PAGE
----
The North Yorkshire businesswoman who helps farms run smoothly - all from a converted milking parlour

Counting pigs and milking cows may have disappeared from Vicky Anderson’s farming artillery, but she and her team call the shots on a good deal more in today’s world of what used to be classed purely as the agricultural secretary, who was traditionally brought in to handle the ever-increasing mountain of office work on the farm.

Vicky Anderson of Beech Hill Farm near Northallerton in her office. Credit: Gary Longbottom

Such has been the rise of the now highly professional and all-encompassing business services sector that, what used to be regarded as the woman (it was invariably a woman) brought in to sort the mess has been replaced by a woman (it still is a sector dominated by women) who not only clears the decks, but is also all hands on deck in bringing everything from company structure, office discipline, budgeting, cashflow, forecasting and training services to the farm business.

In October Vicky’s team of six ladies were among the nominees in two categories of the Yorkshire Post Rural Awards – Professional Services to the Community and Rural Business of the Year.

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"There is such a diversity in farming now that you cannot simply say farming is doing well or that it isn’t because there are so many different types of farming and other newer businesses attached to form a farm’s income. There’s no set thing," says Vicky.

Vicky Anderson of Beech Hill Farm near Northallerton. Credit: Gary Longbottom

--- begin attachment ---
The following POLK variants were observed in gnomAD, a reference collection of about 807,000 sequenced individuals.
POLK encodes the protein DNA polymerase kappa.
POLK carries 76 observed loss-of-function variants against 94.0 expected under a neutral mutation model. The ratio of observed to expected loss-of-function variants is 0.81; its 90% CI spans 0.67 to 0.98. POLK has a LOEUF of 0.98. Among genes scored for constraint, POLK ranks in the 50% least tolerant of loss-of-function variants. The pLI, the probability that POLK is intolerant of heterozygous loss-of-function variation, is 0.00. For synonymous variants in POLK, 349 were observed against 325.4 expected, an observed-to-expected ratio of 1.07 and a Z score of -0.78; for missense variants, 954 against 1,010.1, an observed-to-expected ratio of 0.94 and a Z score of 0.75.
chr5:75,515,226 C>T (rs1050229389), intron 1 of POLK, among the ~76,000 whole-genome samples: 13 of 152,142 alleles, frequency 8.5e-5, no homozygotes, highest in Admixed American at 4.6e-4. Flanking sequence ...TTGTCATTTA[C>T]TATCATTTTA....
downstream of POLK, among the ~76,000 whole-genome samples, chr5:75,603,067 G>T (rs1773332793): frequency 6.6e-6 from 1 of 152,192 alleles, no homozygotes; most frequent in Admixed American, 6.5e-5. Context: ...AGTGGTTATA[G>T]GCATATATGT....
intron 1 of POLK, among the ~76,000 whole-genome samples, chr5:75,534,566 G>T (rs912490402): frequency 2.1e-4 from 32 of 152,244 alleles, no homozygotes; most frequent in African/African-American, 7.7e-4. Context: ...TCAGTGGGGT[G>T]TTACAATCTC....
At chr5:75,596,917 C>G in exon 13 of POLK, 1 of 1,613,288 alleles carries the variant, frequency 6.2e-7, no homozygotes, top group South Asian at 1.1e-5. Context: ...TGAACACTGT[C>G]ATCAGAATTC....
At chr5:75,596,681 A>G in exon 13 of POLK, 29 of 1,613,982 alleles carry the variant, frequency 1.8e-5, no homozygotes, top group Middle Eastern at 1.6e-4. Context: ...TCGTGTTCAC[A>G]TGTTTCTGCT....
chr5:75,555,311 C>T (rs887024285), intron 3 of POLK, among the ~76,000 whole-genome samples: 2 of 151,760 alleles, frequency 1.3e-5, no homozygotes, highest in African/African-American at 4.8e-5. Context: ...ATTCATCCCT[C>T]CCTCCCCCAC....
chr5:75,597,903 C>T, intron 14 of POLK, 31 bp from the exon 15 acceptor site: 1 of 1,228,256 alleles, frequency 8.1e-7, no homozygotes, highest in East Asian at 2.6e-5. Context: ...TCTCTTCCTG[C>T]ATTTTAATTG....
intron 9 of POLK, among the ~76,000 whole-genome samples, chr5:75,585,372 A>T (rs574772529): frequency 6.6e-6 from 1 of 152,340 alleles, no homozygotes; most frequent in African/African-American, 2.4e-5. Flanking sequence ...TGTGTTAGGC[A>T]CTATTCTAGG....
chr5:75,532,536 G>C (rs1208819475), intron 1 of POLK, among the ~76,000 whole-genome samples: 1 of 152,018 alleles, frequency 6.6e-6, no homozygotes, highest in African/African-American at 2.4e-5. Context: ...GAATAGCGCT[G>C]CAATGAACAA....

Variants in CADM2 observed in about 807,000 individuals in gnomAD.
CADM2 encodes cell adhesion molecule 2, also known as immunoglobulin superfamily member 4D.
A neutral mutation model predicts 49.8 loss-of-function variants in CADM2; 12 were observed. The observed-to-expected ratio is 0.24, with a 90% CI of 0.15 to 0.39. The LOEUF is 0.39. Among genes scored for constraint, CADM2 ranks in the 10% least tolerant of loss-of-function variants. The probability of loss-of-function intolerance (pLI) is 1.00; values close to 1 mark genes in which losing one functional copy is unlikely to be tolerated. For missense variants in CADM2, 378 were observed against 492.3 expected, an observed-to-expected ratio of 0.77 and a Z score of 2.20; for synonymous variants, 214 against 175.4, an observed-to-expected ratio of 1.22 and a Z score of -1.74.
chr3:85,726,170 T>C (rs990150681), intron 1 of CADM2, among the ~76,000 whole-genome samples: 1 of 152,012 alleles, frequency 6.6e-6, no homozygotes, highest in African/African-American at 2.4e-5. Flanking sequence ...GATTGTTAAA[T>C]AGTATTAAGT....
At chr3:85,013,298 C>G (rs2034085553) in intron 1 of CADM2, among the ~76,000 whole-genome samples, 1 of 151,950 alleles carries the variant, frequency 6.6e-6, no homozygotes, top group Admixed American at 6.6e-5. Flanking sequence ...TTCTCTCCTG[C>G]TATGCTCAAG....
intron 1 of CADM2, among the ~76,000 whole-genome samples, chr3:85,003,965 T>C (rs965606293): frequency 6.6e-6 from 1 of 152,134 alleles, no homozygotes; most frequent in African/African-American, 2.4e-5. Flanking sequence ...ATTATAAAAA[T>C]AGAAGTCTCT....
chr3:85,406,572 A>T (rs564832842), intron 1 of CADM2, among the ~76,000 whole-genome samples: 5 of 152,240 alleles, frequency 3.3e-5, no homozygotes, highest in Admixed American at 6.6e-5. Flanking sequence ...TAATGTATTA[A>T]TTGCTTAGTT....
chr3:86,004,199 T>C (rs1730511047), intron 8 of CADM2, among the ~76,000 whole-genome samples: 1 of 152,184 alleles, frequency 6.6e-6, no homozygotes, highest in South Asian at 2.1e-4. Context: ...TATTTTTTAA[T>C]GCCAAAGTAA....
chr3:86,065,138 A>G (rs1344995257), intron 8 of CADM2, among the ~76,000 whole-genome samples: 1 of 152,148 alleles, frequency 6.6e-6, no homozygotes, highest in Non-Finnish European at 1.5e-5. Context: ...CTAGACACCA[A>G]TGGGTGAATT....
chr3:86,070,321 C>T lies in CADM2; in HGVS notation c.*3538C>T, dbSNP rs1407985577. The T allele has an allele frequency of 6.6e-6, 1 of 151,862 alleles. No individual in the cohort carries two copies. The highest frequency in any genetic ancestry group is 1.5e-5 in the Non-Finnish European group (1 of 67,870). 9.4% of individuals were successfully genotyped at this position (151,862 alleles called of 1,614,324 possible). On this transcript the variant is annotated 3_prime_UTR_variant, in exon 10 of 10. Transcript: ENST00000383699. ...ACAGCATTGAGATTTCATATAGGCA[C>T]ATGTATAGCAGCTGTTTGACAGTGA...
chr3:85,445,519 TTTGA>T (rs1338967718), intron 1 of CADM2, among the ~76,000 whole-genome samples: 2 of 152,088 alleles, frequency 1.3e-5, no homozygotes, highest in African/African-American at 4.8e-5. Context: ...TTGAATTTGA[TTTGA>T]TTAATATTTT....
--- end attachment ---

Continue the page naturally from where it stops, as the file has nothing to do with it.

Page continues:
"I feel that we as a business and our farming clients, of which we work for over 160 from North Northumberland to South Yorkshire and Lincolnshire and across to Cumbria, all have to be prepared. We have to look forward. In five years’ time there will be no farm subsidies.

"Farmers and farm businesses really need to be considering that and that’s where we can help them by preparing such as cashflow projections, help by offering our assistance regarding how their business growth plans may work. I’m a ‘proper preparation prevents poor performance’ person.

Food for thought for Yorkshire farmers as climate change fears see consumers cut out meatHedgelaying champion recalls the time The Yorkshire Post got him into trouble at school after triumph"We will speak to the bank on behalf of our clients if that’s what they want us to do. We will go through figures, projections and look at whether there are things that can be done on the farm to mitigate if figures don’t look as though they are stacking up.

"As an industry farming, farmers and everyone involved can adapt to change and we are quite good at it. It is looking as though the next few years could be really difficult for hill farmers at the moment so we and others have got to lobby for them throughout the agricultural world to make sure somewhere along the line they are not forgotten about."

Vicky Anderson(right) of Beech Hill Farm near Northallerton in her office with a client Jenny Tindall. Credit: Gary Longbottom

Vicky comes from the village of Over Dinsdale in North Yorkshire. Her business today is situated at her home on Beech Hill Farm near Ellerbeck where she lives with her husband, between Osmotherley and Northallerton. The Vicky Anderson office and training room is housed in a converted milking parlour.